Running flexible-work teams: Top tips to support line managers

Employees are increasingly making agile and flexible working requests on both an informal and formal basis. So how does a manager manage this new way of working?

There is no one winning formula, but we know the role of line managers is changing so that they must now expect such requests and address them effectively on a case by case basis. What is clear and common to all is that flexible working must meet the needs of the business as well as the individual. Asking to start work at 4pm – yes, this a real life example – is very likely to be rejected unless of course the job is global and the timing makes sense.

The role of the manager is critical to making flexible working work. But they are also regularly cited as one of the biggest barriers to effectively implementing flexible work. According to recent research by the Institute of Leadership & Management (ILM), for example, almost half of respondent managers (48%) think that allowing some people to work flexibly causes resentment within teams. In addition, the extra pressure on managers has also been highlighted as a challenge, with some reporting that work-life balance practices increased managerial workloads.

All this amounts to added pressure on line managers as they attempt to manage the atypical worker. So what are firms doing to support them? Here is what we recommend:

  1. Training for managers – create open communication and trust. Provide managers with the skills to consider a range of flexible working options – job shares, part-time, compressed working weeks, etc. and show that you are supportive so that they do not feel they have to automatically say No for fear of the difficulties. Also make clear key strategic objectives – for example, Pinsent Masons state reasons for embedding agile working is to deliver employee engagement, recruitment and retention strategies which some managers may not think about day to day. Firms are offering training, (even at induction stage) lunch-time briefing sessions with time to role-play how they would consider a proposal – for example, how to say no if a request is really untenable.
  2. Role modelling – i.e., allowing managers to work flexibly themselves. This worked well in my experience in professional services firms for both men and women. Those teams that have role models already in place are more accepting of flexible working. It is an effective tool by which a manager can share how they manage work-life balance and that it does not indicate a lack of commitment. Many managers are now open about their diary and so their team can see they are going to the gym or will be in late due to a school play.
  3. Performance management – it is the role of manager to assure flexible workers that they will not be passed over for promotion or career development just because their working patterns fit outside the norm. They are also responsible for addressing concerns that flexible workers are less committed because they are not working long hours. Managers will need to manage their teams on performance, outcomes, competencies, and to be able to advise their flexible workers on how to progress – for example, the importance of networking if it is an integral part to their job or promotion. I know many Partners / Directors etc who have been promoted regardless of their working hours because they have had the support of others and have been able to provide evidence of their performance – for example, % of sales, numbers of new recruits regardless of the hours worked. It is also important that the team is managed throughout the year and any problems with flexible working is managed throughout the year.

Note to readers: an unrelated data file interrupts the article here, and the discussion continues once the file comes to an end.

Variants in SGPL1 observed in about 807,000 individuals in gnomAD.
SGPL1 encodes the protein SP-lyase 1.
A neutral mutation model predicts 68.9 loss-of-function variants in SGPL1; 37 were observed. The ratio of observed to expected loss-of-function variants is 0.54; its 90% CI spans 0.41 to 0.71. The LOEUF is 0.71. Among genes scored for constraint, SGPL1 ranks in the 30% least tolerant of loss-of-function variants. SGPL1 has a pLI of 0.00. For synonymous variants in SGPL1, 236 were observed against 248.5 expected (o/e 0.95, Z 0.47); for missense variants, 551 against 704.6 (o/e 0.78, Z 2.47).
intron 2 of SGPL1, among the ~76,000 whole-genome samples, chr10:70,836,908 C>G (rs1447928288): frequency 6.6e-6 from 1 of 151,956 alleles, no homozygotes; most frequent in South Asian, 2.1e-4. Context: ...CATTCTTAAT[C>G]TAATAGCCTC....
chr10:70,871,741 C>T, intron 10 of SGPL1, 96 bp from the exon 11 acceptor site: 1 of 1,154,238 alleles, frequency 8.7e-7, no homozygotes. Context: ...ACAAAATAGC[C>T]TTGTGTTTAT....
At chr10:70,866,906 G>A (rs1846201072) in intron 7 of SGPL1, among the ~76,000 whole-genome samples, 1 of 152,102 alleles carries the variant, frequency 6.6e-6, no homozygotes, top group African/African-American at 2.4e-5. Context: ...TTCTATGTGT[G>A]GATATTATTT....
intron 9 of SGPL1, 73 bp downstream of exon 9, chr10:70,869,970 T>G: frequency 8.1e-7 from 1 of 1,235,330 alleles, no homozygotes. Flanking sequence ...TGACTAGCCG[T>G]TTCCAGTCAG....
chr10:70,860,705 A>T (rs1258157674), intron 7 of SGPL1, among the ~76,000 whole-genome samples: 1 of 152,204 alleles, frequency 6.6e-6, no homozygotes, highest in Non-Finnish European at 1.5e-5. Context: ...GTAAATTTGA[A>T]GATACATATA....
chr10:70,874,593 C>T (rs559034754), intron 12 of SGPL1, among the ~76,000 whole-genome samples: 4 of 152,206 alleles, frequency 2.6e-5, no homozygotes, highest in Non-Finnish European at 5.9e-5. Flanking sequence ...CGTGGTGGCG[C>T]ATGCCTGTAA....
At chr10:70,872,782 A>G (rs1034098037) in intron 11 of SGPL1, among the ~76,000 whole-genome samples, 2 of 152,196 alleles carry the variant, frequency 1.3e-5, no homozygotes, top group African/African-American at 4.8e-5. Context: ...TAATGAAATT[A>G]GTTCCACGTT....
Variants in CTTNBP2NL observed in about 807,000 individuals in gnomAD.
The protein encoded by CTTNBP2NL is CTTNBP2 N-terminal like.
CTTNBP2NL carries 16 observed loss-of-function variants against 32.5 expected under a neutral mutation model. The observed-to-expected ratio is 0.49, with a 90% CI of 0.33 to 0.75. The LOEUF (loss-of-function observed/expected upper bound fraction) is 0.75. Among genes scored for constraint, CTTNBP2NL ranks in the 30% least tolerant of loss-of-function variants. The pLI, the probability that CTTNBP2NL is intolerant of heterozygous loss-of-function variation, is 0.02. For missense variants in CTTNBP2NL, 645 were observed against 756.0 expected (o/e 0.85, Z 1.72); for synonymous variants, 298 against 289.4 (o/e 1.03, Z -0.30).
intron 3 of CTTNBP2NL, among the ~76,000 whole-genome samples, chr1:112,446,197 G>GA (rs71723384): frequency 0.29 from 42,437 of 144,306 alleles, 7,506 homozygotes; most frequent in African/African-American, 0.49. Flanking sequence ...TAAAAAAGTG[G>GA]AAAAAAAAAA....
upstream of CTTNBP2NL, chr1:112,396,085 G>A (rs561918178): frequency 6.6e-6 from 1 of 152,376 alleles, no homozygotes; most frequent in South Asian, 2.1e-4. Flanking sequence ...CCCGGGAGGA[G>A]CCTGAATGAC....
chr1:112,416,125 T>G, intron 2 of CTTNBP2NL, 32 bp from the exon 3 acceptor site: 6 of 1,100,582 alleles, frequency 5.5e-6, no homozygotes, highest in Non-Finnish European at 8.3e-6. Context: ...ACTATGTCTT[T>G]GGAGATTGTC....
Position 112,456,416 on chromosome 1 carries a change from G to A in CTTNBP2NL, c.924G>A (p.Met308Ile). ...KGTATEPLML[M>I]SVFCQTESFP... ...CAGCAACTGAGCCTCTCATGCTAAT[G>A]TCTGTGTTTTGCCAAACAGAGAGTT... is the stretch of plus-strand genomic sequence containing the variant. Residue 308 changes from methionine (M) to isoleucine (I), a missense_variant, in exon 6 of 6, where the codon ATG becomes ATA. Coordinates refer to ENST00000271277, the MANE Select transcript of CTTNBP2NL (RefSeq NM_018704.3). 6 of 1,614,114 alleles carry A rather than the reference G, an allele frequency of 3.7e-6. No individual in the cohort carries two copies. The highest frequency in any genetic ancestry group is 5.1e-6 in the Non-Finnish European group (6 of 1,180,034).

4. Manager’s performance – managing flexible working should now be part of the competencies and objectives expected of managers. Ability to manage excessive workloads is a challenge for managers when they are trying to keep workloads under control as well as managing expectations of senior managers. A manager with good management and people management skills is likely to make a good work-life balance manager. An essential requirement is the ability to manage workloads, (including effective planning, scheduling and delegation). Being able to evidence this new way of working for their own performance management process will be critical.
  5. A management portal on an interactive Intranet – this would provide the policy and examples of case-studies of flexible working at all levels including fee earners and business support. Sharing and celebrating successful profiles and featuring senior leaders’ pledges of support, Q&As, and updates of initiatives. This could also provide a forum for managers to ask peers for advice.
  6. HR Support – making managers aware of how HR can support them on how to manage and interpret flexible working policies.
  7. Employee engagement Surveys– working parties which include managers manage the outcomes of the employee survey in regard to questions on flexible working and manage initiatives to improve results.

The success of flexible working will depend considerably on the skills of the manager in creating an open communication culture of trust and respect as agile and flexible working continues to no longer be considered as a nice-to-have.

So how does a manager manage their team flexibly, tips on how IT manager from Simmons Simmons can be found here.

If you would like to discuss any of the above please get in contact with Sarah Broad or sarah.broad@attunejobs.com

Developement, Agile, Flexible working, Teams

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